1: If $A,B\in X$, $A\cup B\in X$.
2: If $A,B\in Y$, $A\cup B\in Y$
3: $|X|=M$ and $|Y|=2^n-M$
,
Solution: 
For $M=2^n$, simply take $X$ as the collection of all subsets, otherwise, write down the binary representation of $M$ as a $n-$ element string $s$ (i.e you append zeroes if required in the beginning of the representation to make its total length equal to $n$). Denote by $s[i]$ the $i$th element of the string from the left. We construct $X$ as follows:
Start iterating over the string index from $i=1$ to $i=n$: If $s[i]$ is equal to $1$, add all the subsets of $S$ of the form {$i$}$\cup A$ to $X$ where $A$ ranges over all subsets of {$i+1,...,n$}.Thus $2^{n-i}$ subsets would be added to $X$. Also denote by $T_i$ the set {$i,i+1,...,n$}.
Since $s$ represents the binary representation of $M$, it is guaranteed that after the n iterations, $|X|=M$. It remains to verify the first two conditions.

First we make a trivial observation that $T_i\subset T_j$ if $i>j$. Note that it suffices to verify the following two conditions:
1*: If $A,B\in X$, $A\cup B\in X$
2*: If $A\in X$, $\nexists B_1,B_2\in Y$  such that $B_1\cup B_2=A$.

Proof of (1*): Let $a$ and $b$ be the smallest elements of $A$ and $B$ respectively WLOG $b\geq a$. By construction, $A\subseteq T_a$ and $B\subseteq T_b\subseteq T_a$. Therefore $A\cup B \subseteq$ {$a$} $\cup T_{a+1}$, and $a\in A\cup B$. Thus $A\cup B\in X$.
Proof of (2*): Let $a$ denote the smallest element of $A$. If $B_1\cup B_2=A$, $a$ is the smallest element of either $B_1$ or $B_2$, but that would imply one of them belongs to $X$.
The proof is completed $\blacksquare$

Comment: 
I like to think of subsets of a set as a binary number where the $i$th bit is set if the $i$th element is present in the set or otherwise. So seeing the third condition, I got an intuition that we have to do something with the binary representation of $M$. Then I modified $1$ and $2$ to $1*$ and $2*$. And what is the best way to ensure a condition of the form $2*$? You try to fix some element $e$ of $A$ so that if a subset $P$ of $A$ contains $e$, then $P$ and $A$ have same "property" ,else different properties. So on doing some trial and error of various weird constructions, I finally arrived at the solution. The true motivation lies in the binary representation of $M$.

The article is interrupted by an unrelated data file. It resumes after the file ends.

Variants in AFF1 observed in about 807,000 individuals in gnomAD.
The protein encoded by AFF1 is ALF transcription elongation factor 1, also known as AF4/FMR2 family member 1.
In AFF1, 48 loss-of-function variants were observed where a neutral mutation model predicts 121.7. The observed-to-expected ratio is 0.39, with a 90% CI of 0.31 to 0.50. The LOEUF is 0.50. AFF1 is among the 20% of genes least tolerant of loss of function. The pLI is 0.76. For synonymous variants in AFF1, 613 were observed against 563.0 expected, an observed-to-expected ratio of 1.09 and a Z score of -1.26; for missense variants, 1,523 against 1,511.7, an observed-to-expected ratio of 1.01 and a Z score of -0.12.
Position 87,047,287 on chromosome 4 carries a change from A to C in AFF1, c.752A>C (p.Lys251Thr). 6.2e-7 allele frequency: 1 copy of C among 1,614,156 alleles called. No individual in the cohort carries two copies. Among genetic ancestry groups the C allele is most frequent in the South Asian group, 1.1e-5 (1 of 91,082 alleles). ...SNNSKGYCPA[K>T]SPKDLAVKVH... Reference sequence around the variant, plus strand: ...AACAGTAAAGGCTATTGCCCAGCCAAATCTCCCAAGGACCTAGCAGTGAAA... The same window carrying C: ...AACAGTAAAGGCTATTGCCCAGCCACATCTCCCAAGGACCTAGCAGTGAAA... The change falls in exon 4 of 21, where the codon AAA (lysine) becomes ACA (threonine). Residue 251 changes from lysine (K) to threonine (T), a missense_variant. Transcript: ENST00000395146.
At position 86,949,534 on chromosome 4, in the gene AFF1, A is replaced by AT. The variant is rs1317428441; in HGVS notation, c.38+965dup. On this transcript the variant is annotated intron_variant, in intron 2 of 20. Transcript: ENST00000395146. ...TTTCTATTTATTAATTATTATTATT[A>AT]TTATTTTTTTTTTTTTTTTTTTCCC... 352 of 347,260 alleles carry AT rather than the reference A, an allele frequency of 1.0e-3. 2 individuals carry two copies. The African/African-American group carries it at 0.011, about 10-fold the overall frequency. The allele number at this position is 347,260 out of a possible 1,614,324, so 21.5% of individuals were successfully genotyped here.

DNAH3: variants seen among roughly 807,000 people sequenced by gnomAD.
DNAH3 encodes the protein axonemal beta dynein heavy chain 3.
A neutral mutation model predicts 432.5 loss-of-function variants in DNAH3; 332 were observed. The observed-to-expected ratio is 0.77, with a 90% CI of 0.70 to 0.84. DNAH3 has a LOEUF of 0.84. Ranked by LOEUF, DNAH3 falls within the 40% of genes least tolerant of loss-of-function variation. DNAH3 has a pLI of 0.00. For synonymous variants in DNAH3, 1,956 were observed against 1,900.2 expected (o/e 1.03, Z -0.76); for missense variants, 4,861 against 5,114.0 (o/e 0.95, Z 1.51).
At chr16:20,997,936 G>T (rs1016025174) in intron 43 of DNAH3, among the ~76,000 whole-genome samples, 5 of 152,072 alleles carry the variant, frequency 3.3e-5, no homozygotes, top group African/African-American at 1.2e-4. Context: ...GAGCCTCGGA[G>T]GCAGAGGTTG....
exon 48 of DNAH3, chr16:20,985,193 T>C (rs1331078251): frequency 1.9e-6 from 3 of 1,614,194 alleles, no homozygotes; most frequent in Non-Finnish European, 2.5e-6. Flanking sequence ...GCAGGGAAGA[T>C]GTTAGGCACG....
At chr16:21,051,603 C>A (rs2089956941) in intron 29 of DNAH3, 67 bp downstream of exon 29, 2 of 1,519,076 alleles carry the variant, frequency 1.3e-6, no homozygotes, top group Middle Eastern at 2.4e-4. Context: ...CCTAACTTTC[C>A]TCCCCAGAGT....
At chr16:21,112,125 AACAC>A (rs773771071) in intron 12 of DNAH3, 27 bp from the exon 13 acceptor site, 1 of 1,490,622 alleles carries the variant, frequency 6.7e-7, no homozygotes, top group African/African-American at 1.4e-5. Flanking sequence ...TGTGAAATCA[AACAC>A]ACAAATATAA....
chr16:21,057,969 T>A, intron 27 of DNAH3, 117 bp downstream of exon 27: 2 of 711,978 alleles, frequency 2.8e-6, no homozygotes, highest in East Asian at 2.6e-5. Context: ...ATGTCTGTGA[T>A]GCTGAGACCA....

Problem 4 (APMO 2017):
Let $A(n)$ denote the number of sequences $a_1\geq a_2\geq$...$\geq a_k$ such that $a_i+1$ is a power of $2$ and $\sum_{i=1}^{i=k}a_i=n$. Let $B(n)$ denote the number of sequences $b_1\geq b_2\geq$..$\geq b_m$ such that $\sum_{i=1}^{i=m} b_i=n$ and the inequality $b_i\geq 2b_{i+1}$ holds for $\forall i<m$. Prove that $A(n) = B(n)$ for all positive integers $n$.

Solution:
Let $X$ be the set of all sequences $a_1\geq a_2\geq$...$\geq a_k$ such that $a_i+1$ is a power of $2$ and $\sum_{i=1}^{i=k}a_i=n.$ Let Y be the set of all sequences $b_1\geq b_2\geq$..$\geq b_m$ such that $\sum_{i=1}^{i=m} b_i=n$ and the inequality $b_i\geq 2b_{i+1}$ holds for $\forall i<m.$ $X$ is non empty as $a_i = 1\forall i$ lies in $X.$ So let $x\in X,$ $x=$ ($a_1, a_2,$...$,a_k).$ Let $a_i+1=2^{c_i}.$ Define a function $f$ as follows: $f(x)=x$ if $x\geq 1$ else $f$($x$)$=0$. Define a sequence $<b_i>$ as follows: $b_i=\sum_{j=1}^{j=n}f(2^{c_j-i})$. Observe that $b_i=0 \forall i>m$ for some unique $m$. Then we claim that $(b_1,b_2,$...$,b_m)\in Y$. 
$$\sum_{i=1}^{i=m} b_i=\sum_{i=1}^{i=m}\sum_{j=1}^{j=n} f(2^{c_j -i})=\sum_{j=1}^{j=n}\sum_{i=1}^{i=m} f(2^{c_j-i})=\sum_{j=1}^{j=n} a_j = n.$$ It is easy to see that $f(2k)\geq 2f(k) $ $\forall k \geq 0$.Thus, $$b_i=\sum_{j=1}^{j=n}f(2^{c_j-i})\geq \sum_{j=1}^{j=n}2f(2^{c_j-i-1})=2b_{i+1}.$$ Thus $(b_1,b_2,$...$b_m)\in Y$. 
Also note that $b_ m=$ number of indices $j$ such that $a_j=2^m-1$, and $\forall i<m$, $b_i-2b_{i+1}=$ number of indices $j$ such that $a_j=2^i-1$. This proves that this transformation is injective. Thus $|X|\leq |Y|$.
For proving $|X|\geq |Y|$ we just reverse the above transformation and prove it is injective, so let $y\in Y$, $y=(b_1,b_2,$...$,b_m)$ We construct $x\in X$ from $y$ as follows: Add $b_m$ copies of $2^m-1$ to $x$ and $\forall i<m$, add $b_i-2b_{i+1}$ copies of $2^i-1$ to $x$. The sum of the elements in $X$ is $$\sum_{i=1}^{i=m-1}(2^i-1)(b_i-2b_{i+1})+b_m(2^m-1)=\sum_{i=2}^{i=m}b_i(2^i-2.2^{i-1})+\sum_{i=2}^{i=m}b_i(2-1) +b_1=n.$$
To prove injectivity consider $y,y'\in Y$ ,$y=(b_1,b_2,$...$,b_m)$, $y'=(b'_1,b'_2,$...$,b'_{m'})$ and suppose they yield the same $x$ by the above construction. Since $a_1$ generated by both is same, $2^m-1=2^{m'}-1\Rightarrow m=m'$. 
Since both generated same number of $2^i-1$'s $\forall i\leq m$, $b_m=b'_m$ and $b_i-2b_{i+1}=b'_i-2b'_{i+1}$ $\forall i<m$. This forces $b_i=b'_i$ and thus $y=y'$. 
The proof is completed $\blacksquare$

Comment:
 How would you even come up with such construction? Writing $a_i$'s in their binary representation was the key hint for me. Rest was all just formalization.




A pictorial representation of the transformation sending $x$ to $y$.


Problem 5(Based on the Codeforces problem GCD Guess)
Alice and Bob are playing a game. Alice has a secret integer $x$ which Bob has to guess. Alice also tells Bob the value of $t=\lceil \log_2 x\rceil$.Now Bob can make atmost $t$ queries of the following form: